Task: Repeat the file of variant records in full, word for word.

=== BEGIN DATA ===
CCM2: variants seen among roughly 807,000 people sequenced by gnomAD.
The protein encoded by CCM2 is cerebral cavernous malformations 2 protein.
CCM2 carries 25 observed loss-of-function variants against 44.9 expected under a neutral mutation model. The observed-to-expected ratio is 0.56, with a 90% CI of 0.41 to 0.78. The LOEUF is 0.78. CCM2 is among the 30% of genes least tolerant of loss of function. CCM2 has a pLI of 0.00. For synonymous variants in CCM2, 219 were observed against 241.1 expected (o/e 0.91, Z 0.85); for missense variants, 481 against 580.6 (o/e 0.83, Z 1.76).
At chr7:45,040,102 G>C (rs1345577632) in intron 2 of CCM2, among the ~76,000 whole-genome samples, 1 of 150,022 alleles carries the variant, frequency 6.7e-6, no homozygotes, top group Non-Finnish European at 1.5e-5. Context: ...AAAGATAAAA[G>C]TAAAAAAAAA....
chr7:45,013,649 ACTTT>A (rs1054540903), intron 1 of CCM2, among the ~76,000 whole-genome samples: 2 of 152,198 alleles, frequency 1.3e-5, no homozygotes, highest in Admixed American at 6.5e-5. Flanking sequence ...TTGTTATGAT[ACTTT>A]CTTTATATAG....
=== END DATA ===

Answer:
CCM2: variants seen among roughly 807,000 people sequenced by gnomAD.
The protein encoded by CCM2 is cerebral cavernous malformations 2 protein.
CCM2 carries 25 observed loss-of-function variants against 44.9 expected under a neutral mutation model. The observed-to-expected ratio is 0.56, with a 90% CI of 0.41 to 0.78. The LOEUF is 0.78. CCM2 is among the 30% of genes least tolerant of loss of function. CCM2 has a pLI of 0.00. For synonymous variants in CCM2, 219 were observed against 241.1 expected (o/e 0.91, Z 0.85); for missense variants, 481 against 580.6 (o/e 0.83, Z 1.76).
At chr7:45,040,102 G>C (rs1345577632) in intron 2 of CCM2, among the ~76,000 whole-genome samples, 1 of 150,022 alleles carries the variant, frequency 6.7e-6, no homozygotes, top group Non-Finnish European at 1.5e-5. Context: ...AAAGATAAAA[G>C]TAAAAAAAAA....
chr7:45,013,649 ACTTT>A (rs1054540903), intron 1 of CCM2, among the ~76,000 whole-genome samples: 2 of 152,198 alleles, frequency 1.3e-5, no homozygotes, highest in Admixed American at 6.5e-5. Flanking sequence ...TTGTTATGAT[ACTTT>A]CTTTATATAG....